It was exactly ten years ago today when the phone call came.
Like most of America that morning, I was sitting in front of my television, transfixed and horrified by the images playing out on the screen.
I could barely tear my eyes away from the smoke rising in the blue skies of New York City as I took the call from my son, Ryan.
A 20-year-old Marine corporal based on Hawaii, he had been roused from his barracks before dawn as the news of the attack spread. He wanted me to know he'd been called in for duty, and did not know when he'd be able to contact family again.
In the background, I could hear a young woman's voice talking of uniforms and equipment as my son and future daughter-in-law, both service members, prepared to meet the challenge of the September 11 attack on the Twin Towers.
At that moment, my feelings were indescribable--but three days later, I sat down to describe them.
The essay that follows was the result: My Child, My Home, My Country: A Marine Mom Speaks. Written on September 14, 2001, it was the cry of my heart as the mother of a United States Marine, a son who had been called to alert in response to the attacks on our country.
First published here at OrganizedHome.com, this piece took an amazing journey around the world in the weeks that followed. The essay was republished in local and regional newspapers, military newsletters and many Web sites, but my proudest moment occurred when the Marine Corps published the piece in the Marine Times.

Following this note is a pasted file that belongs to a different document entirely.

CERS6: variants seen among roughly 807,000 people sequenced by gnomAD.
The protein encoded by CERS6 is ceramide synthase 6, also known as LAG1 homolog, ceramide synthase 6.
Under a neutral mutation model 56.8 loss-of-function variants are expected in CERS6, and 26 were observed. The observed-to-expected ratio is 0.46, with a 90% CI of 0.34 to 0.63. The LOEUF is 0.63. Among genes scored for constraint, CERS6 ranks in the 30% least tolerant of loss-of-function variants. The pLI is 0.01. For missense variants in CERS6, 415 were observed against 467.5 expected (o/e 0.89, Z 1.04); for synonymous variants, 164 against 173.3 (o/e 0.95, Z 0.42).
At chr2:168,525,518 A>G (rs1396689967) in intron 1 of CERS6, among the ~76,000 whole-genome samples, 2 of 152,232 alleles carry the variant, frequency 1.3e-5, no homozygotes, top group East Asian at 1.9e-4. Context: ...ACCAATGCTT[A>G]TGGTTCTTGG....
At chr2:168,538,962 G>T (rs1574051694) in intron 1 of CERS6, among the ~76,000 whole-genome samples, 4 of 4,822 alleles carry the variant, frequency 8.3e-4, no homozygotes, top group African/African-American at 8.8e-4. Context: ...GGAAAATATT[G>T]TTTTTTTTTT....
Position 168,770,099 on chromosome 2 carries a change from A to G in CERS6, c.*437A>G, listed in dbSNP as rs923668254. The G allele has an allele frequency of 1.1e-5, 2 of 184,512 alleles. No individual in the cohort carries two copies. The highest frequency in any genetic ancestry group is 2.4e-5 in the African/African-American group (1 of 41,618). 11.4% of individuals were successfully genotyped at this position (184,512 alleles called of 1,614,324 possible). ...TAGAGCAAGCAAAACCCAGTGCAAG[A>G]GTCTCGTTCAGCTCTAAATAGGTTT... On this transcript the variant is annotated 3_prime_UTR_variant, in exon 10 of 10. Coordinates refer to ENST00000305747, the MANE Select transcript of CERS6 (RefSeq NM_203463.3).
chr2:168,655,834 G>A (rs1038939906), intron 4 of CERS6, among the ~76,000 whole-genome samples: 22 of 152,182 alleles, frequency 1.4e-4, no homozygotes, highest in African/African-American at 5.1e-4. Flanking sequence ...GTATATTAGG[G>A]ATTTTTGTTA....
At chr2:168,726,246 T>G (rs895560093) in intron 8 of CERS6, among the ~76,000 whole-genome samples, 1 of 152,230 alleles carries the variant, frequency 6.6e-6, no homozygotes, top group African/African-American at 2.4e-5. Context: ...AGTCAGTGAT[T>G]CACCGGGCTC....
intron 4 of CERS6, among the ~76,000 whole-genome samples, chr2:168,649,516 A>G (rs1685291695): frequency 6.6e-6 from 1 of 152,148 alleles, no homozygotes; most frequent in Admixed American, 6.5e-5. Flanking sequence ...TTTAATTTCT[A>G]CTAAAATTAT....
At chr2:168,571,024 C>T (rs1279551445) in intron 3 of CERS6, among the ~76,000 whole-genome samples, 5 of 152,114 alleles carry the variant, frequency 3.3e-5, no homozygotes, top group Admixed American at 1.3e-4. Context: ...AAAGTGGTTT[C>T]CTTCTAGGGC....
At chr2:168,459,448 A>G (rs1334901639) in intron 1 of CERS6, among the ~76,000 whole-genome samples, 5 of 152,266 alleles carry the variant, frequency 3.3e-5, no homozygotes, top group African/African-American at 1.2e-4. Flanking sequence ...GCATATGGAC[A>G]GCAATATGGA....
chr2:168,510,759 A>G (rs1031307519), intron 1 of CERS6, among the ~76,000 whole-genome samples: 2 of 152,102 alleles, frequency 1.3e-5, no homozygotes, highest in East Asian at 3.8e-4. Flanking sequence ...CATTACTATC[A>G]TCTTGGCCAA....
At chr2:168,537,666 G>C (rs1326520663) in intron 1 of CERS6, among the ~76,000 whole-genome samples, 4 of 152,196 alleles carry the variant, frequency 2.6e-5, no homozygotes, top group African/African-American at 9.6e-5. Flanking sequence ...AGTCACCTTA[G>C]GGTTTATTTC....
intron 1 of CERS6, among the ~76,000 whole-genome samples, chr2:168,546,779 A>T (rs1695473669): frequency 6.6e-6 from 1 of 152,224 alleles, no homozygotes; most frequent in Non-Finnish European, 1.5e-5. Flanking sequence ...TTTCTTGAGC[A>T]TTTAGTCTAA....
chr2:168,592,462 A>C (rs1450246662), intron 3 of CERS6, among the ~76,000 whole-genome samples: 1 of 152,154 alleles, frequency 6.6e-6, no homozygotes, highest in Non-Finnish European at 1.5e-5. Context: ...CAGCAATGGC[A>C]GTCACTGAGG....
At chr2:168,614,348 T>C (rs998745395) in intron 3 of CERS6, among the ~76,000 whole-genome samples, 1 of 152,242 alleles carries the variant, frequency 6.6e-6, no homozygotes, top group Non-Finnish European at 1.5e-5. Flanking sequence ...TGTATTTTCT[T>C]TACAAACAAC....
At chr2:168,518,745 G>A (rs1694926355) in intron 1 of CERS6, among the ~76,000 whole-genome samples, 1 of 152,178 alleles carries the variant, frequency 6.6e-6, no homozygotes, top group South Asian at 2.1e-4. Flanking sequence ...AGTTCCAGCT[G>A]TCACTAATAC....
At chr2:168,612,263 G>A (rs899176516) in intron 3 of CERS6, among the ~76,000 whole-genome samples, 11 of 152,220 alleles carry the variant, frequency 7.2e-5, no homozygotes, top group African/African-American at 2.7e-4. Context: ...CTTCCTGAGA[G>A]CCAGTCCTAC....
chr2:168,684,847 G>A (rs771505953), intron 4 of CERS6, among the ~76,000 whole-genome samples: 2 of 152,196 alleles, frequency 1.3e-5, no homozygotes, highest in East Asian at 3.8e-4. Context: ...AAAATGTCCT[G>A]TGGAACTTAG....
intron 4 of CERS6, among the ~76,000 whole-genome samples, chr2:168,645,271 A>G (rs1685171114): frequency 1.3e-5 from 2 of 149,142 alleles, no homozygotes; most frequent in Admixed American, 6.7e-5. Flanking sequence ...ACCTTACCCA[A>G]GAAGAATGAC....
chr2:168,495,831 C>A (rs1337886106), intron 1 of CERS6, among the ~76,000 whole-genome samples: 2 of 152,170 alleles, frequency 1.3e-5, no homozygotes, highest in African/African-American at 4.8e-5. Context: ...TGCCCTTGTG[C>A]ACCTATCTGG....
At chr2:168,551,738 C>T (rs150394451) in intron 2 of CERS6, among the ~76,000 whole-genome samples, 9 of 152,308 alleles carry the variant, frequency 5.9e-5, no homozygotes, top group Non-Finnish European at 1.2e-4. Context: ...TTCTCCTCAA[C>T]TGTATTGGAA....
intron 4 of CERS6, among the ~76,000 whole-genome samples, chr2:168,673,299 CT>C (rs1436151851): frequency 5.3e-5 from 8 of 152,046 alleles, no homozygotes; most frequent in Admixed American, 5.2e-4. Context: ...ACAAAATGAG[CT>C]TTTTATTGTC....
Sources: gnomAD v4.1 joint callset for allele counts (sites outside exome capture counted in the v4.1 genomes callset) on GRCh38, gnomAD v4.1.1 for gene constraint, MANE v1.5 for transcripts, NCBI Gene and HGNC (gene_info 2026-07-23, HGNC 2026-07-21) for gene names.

Admittedly, I did worry a bit that the essay's spread would embarrass my son, but he took his new fame in stride. "Mom", he said, "my first sergeant called me into his office and told me that he'd seen your piece in the Marine Times--and that it made him cry!" Now, there's an accolade for any writer: making a Marine top kick cry!
Ten years have passed since that day, and many readers have asked for an update on my son. Ryan left the Marine Corps after two overseas deployments, with the rank of Staff Sergeant. He and my brilliant and beautiful daughter-in-law Elizabeth--both full-time university students--are the parents of the dual apples of this Nana's eye: my two young grandsons. Between their studies, their children, and their full slate of family activities, Ryan and Elizabeth lead busy, productive lives--and just as they did ten years ago, they shine brightly to me as our nation's hope for the future.
This morning, I woke early, and placed the American and Washington State flags in the brackets outside my front porch. I looked up at the clear, windless blue sky, and remembered those days ten years ago, when no jet trails disturbed the perfect blue.
Standing on my front porch, I thought, long and hard, of the state of our nation ten years later. In the news, aggressive and strident partisan posturing has taken the place of civil political debate. Long-standing American freedoms have eroded with each new governmental assault on our privacy, our liberties, even the sanctity of our bodies--all carried out in the name of the "War on Terrorism". At such times, it's easy to feel discouraged and anxious about the world my grandchildren will inherit.
I walked inside the house and re-read this essay. It seems to me--a Marine Mom, speaking ten years later--that it still says what needs to be said, on this day of all days.
Will we be worthy?